From our experience, the lower clocked kits yielded us the largest overclocking margins. We managed to take both the Patriot 1600MHz and Kingston 1600MHz kits to 2133MHz. We also were able to take the Corsair Vengeance 1866MHz kit to 2133MHz, we unfortunately hit a wall once we pushed for 2400MHz with that kit. With the Kingston 2133MHz kit, we managed to squeeze out 2400MHz and as you can see in our SuperPi overclocking results, it also was the best performing kit as well.
Overall, most of these kits overclocked pretty well, but people do need to keep in mind that not all X79 boards are created equally and not all of them are going to be able to squeeze a 533MHz OC on a 1600MHz kit of RAM. So if you want to overclock your RAM do your research first before buying, because not all of these X79 boards really can handle higher clocked RAM especially overclocked RAM.
Note that both our 1600MHz kits, when overclocked to 2133MHz actually had beaten our Kingston 2133MHz kit of RAM running at exactly the same timings and voltages.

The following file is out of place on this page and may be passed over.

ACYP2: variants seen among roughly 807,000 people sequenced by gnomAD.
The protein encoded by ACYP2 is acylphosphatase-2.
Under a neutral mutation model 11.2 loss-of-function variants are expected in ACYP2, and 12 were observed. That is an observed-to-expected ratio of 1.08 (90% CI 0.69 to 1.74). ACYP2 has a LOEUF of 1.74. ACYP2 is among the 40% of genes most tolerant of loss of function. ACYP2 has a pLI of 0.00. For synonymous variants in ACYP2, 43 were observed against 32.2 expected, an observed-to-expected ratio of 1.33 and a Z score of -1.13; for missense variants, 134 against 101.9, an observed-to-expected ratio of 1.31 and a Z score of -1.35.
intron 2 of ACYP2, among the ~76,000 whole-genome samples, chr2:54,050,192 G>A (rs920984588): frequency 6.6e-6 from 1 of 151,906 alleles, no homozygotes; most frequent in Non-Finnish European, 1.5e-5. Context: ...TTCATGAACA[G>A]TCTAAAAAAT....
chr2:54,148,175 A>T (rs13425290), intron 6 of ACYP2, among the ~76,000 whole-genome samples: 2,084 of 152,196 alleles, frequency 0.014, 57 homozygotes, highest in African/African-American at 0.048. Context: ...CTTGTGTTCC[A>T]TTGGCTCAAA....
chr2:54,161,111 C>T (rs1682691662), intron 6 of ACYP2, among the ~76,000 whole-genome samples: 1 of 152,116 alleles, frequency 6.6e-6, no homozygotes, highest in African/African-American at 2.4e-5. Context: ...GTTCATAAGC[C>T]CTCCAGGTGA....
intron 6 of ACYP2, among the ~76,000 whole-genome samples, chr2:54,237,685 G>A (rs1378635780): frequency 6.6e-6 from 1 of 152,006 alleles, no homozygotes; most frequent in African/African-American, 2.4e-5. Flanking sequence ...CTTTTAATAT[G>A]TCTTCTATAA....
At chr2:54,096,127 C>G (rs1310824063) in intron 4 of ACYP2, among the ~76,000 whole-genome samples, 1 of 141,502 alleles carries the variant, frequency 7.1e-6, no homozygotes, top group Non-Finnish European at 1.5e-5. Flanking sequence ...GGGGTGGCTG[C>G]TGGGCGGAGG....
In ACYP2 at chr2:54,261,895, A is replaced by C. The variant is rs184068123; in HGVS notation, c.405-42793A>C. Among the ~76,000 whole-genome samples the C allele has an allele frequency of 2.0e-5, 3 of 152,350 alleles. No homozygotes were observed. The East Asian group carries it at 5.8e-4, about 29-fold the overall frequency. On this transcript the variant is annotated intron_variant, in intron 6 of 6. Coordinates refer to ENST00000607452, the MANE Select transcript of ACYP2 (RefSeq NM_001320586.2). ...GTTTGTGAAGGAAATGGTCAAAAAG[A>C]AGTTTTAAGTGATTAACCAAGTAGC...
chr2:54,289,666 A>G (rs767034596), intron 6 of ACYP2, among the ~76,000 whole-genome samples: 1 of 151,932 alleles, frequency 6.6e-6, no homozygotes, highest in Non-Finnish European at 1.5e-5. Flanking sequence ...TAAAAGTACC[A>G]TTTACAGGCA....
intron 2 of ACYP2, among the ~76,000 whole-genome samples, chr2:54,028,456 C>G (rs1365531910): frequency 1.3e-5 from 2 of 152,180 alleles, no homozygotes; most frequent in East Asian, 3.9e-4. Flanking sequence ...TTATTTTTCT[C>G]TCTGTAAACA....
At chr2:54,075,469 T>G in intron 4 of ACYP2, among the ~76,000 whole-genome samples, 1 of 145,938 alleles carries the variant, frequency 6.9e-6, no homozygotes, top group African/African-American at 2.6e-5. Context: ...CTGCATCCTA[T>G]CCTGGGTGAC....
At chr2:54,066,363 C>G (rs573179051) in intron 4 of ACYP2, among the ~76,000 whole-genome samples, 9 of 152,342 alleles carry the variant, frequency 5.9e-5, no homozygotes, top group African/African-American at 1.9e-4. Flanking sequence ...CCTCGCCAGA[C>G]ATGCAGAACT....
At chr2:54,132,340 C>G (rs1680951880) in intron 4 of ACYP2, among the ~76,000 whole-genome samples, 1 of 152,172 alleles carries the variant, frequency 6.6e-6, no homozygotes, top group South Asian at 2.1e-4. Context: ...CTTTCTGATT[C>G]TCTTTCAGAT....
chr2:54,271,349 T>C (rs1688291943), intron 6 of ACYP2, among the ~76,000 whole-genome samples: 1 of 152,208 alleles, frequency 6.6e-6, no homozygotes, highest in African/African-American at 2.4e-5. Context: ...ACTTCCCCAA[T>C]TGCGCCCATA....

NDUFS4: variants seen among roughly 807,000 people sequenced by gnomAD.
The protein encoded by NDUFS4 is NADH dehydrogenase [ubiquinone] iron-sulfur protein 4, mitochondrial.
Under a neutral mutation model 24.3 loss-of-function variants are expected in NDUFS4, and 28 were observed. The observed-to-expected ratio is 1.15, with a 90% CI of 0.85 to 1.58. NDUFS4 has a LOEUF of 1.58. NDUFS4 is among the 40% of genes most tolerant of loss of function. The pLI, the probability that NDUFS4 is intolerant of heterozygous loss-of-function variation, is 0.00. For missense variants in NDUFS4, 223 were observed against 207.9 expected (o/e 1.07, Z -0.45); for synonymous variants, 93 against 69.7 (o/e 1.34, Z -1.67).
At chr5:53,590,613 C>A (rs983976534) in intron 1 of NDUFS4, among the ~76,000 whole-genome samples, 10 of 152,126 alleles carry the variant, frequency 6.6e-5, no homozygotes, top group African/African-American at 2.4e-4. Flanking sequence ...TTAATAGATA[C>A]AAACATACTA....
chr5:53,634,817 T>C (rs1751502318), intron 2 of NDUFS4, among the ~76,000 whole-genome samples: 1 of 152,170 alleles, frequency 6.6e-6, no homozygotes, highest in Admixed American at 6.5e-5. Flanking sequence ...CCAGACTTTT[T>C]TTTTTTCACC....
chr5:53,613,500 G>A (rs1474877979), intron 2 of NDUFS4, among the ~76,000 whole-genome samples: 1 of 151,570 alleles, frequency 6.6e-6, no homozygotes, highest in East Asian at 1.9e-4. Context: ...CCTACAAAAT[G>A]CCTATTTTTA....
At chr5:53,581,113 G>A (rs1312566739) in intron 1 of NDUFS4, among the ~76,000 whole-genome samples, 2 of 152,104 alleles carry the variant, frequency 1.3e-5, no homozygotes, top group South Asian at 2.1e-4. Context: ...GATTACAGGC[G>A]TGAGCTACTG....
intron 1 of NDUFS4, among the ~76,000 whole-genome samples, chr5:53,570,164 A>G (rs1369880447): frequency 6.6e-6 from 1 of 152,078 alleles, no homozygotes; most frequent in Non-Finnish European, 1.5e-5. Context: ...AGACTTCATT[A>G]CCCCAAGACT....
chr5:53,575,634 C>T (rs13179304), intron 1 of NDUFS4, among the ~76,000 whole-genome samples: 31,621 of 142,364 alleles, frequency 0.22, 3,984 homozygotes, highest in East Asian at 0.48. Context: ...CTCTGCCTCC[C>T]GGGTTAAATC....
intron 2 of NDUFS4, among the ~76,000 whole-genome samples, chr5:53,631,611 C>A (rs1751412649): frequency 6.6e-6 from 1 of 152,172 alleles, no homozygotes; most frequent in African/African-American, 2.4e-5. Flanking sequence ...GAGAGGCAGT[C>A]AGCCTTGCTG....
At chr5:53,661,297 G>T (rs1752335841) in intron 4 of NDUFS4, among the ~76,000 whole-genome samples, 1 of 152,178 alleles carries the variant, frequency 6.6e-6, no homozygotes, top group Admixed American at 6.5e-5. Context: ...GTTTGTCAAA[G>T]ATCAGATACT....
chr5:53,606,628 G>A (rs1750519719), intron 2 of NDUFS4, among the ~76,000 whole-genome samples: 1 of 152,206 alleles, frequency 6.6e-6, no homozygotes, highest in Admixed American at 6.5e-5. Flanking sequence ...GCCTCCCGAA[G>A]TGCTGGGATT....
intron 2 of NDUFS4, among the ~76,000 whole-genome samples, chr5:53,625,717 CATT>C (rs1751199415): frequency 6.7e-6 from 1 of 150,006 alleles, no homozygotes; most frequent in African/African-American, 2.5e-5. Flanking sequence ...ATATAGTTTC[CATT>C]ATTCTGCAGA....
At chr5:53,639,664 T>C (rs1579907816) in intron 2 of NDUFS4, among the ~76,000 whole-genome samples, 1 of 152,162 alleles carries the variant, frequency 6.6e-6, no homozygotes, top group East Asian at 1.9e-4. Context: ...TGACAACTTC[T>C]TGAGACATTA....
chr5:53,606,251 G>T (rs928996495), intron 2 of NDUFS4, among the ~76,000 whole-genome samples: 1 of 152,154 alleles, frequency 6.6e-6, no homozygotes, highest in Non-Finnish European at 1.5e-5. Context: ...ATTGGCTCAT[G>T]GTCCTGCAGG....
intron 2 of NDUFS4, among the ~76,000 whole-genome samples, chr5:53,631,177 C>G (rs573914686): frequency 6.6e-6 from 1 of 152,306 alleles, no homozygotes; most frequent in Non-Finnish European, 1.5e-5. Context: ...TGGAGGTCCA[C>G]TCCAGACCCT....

The kits we have in hand have the following retail prices:
Kingston HyperX Genesis 1600MHz – $89
Patriot 1600MHz Viper Extreme 4 – TBD (similar slightly slower kit goes for $82.99 on Newegg)
Corsair Vengeance 1866MHz – $159
Kingston HyperX Genesis 2133MHz – $318
Based upon these prices and the performance we saw, the Kingston HyperX Genesis 1600MHz provides one of the best values for the consumer not looking to overclock their memory. Even so, if one does choose to overclock their memory, this kit can easily handle 2133MHz. This is in contrast to our Patriot Viper Extreme 1600MHz kit which didn’t do too well at stock compared to the Kingston, but overclocked very well and outperformed the overclocked Kingston kit.
We feel that the Kingston 2133MHz kit is a little over priced at $318 considering that it was actually beaten by the 1600MHz kits which cost 1/3 the price when overclocked. Granted, the 2133MHz did overclock higher and deliver faster performance, but it is always going to be the question of whether or not it’s worth paying for the guaranteed performance.